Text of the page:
The Plover Family: Next Generation

I am so used to the squawking and shrieking of the Masked Lapwings (plovers) who like to feed in my driveway that I don’t pay too much attention to the noise most of the time. At this time of year, I do check on them occasionally because I know they usually produce their chicks in late winter. It seems to be a family tradition that when the babies are old enough they are brought to my garden to be shown their territory. I wasn’t able to photograph last years chicks but I did see them a couple of times.

Yesterday, in the late afternoon, I was sitting in the lounge and I thought that they were making a lot more noise than usual. It occurred to me that it might mean they had new chicks so I went to have a look out of the kitchen window. There were Mr & Mrs Plover both standing in the middle of the drive looking at me and squawking their heads off. I looked around and sure enough, there was a chick fossicking around in the grass nearby. They usually have more than one and after observing them for a short time I believe there are two. It was a chilly afternoon and mum went to sit on the grass where I think she was sheltering one under her wings. Later on, the other one crept in as well.

I had time to get my camera and put the 100-300 mm zoom lens on to take some pictures. They are not great because of being taken through the glass but if I had opened the window they would have been off as fast as the babies could be made to walk.

I think that these chicks are younger than the ones I photographed last time, they are quite small. It was quite funny to see mum and dad so close to the house and looking towards the window. Were they warning me off or announcing the new arrivals so that I would see them I wonder?

Those Noisy Neighbours – A Plover Family Update

Out for a stroll with mum or dad.
Out for a stroll with mum or dad.

Have you been wondering what happened to the Plover family I wrote about some time ago? I had been too, after that very wet day I only saw the family one more time. A friend had told me that they had no road sense and that the attrition rate for the young chicks was very high. The last time I saw Mr & Mrs Plover they had the chicks down by the side of the road so I had grave fears for their survival. My friend also told me that plovers grieve if they lose their mates. For the next few weeks I only occasionally spotted a single plover on the grass or flying overhead so you can see why I was worried.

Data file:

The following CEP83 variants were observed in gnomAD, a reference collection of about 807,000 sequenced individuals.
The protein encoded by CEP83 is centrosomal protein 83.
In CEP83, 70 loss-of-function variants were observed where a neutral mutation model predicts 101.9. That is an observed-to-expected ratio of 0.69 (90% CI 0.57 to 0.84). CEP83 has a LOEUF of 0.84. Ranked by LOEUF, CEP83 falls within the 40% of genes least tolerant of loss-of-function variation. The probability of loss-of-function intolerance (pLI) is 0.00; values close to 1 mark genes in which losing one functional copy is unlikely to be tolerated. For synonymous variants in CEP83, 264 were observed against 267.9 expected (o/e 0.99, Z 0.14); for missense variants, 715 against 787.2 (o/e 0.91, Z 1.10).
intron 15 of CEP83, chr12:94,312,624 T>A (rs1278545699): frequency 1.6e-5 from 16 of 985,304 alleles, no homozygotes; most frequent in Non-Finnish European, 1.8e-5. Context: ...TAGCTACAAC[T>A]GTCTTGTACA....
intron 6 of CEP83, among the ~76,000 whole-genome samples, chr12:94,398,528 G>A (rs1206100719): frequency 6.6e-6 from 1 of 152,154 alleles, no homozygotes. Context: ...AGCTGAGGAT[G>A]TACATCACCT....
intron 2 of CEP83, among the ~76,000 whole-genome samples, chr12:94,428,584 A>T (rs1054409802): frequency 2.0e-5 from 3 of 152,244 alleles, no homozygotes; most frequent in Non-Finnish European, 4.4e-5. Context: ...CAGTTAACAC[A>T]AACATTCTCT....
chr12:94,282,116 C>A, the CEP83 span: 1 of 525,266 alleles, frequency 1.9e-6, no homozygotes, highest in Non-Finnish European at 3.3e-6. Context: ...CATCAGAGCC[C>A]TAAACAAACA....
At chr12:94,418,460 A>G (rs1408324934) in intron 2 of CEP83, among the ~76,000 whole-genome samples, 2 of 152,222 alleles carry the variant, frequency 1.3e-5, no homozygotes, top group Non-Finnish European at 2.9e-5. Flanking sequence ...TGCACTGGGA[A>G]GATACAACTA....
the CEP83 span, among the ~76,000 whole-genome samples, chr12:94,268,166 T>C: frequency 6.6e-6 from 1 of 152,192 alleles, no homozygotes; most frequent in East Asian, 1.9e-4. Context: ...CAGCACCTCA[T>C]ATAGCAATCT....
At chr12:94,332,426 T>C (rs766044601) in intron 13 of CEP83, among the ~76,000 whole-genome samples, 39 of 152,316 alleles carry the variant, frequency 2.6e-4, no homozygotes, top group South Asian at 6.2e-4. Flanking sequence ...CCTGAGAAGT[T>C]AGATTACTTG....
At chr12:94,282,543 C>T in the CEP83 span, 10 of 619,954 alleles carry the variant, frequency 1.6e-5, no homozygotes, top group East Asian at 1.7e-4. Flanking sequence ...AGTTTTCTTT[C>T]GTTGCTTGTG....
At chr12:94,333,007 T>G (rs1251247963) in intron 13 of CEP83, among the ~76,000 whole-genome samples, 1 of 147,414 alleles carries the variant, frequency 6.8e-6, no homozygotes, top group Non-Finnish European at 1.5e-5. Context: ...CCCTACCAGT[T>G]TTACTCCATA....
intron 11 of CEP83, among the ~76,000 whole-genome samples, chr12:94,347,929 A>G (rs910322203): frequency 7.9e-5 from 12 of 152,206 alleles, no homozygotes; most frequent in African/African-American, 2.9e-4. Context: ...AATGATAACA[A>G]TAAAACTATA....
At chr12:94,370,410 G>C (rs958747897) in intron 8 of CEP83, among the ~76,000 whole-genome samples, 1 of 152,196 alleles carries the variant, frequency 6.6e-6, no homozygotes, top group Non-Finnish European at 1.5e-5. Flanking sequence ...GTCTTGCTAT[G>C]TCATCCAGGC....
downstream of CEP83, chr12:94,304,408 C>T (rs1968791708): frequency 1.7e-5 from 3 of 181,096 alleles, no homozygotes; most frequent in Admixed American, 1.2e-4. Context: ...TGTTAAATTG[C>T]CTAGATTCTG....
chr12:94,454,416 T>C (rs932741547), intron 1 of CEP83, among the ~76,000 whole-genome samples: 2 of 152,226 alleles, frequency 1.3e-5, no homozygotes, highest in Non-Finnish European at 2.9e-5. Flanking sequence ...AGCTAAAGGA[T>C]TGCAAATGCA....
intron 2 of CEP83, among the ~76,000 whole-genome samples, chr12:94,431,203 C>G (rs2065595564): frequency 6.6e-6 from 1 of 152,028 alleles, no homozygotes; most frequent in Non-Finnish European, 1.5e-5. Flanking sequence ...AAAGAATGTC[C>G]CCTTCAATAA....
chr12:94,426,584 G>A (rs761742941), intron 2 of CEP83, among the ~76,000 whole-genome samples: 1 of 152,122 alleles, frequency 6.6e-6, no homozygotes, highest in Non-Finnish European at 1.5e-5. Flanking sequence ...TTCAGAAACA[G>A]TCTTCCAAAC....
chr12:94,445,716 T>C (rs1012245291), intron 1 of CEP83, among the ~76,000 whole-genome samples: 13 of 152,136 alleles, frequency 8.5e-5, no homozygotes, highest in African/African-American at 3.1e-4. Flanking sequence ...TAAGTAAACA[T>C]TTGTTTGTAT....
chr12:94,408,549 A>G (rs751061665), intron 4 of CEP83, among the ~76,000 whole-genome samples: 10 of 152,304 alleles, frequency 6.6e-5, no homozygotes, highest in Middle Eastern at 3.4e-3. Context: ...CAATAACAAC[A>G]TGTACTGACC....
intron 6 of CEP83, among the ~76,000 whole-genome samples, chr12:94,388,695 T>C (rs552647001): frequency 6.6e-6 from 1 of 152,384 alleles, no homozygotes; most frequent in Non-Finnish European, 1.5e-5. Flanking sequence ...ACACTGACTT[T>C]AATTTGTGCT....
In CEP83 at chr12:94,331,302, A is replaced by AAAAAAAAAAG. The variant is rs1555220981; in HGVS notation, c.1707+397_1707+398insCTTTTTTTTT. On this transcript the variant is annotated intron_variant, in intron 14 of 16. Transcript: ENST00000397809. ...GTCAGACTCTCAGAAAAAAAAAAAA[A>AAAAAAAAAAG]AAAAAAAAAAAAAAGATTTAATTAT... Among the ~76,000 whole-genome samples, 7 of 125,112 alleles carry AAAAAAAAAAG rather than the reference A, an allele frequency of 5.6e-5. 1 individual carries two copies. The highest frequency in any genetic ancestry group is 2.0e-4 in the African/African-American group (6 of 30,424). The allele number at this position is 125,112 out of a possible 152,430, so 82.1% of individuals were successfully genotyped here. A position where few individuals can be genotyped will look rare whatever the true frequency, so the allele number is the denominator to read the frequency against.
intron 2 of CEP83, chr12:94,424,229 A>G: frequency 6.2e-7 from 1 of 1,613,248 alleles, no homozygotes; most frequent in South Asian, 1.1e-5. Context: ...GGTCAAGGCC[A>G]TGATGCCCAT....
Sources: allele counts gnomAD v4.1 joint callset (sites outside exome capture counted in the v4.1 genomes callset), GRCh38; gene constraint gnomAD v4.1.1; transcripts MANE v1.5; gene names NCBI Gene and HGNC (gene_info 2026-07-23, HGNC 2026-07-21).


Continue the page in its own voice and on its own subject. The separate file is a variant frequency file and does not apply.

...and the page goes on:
Plover (Masked Lapwing). They have no road sense.
Plover (Masked Lapwing). They have no road sense.

Well on Thursday afternoon I came home from the Op Shop to find six adult-sized plovers wandering around on the grass. Are they the same ones? I have no idea. I can’t tell one bird from another but I like to think that it is the same family with the chicks now grown. I wasn’t able to photograph them yesterday because they were startled by some cars that parked outside the power sub station and left until after dark but this morning their unpleasant sounding screeches informed me that they were back. I spotted five of them on the grass. It was raining and I was in my pajamas so I photographed them through the window again.

Plover (Masked Lapwing)
Plover (Masked Lapwing)

Plover (Masked Lapwing)
Plover (Masked Lapwing)

It could be my imagination but I think these two birds look young. Plover chicks fly at seven weeks or so and my original photos were taken early in October, two months ago so it is not impossible that they could be the same birds. When they arrived yesterday most of them were at the top of the slope looking down on the couple that were on the grass but this morning only one was up top keeping an eye on the rest.

Plover (Masked Lapwing) watching over the others.
Plover (Masked Lapwing) watching over the others.

Someone to watch over me.
Someone to watch over me.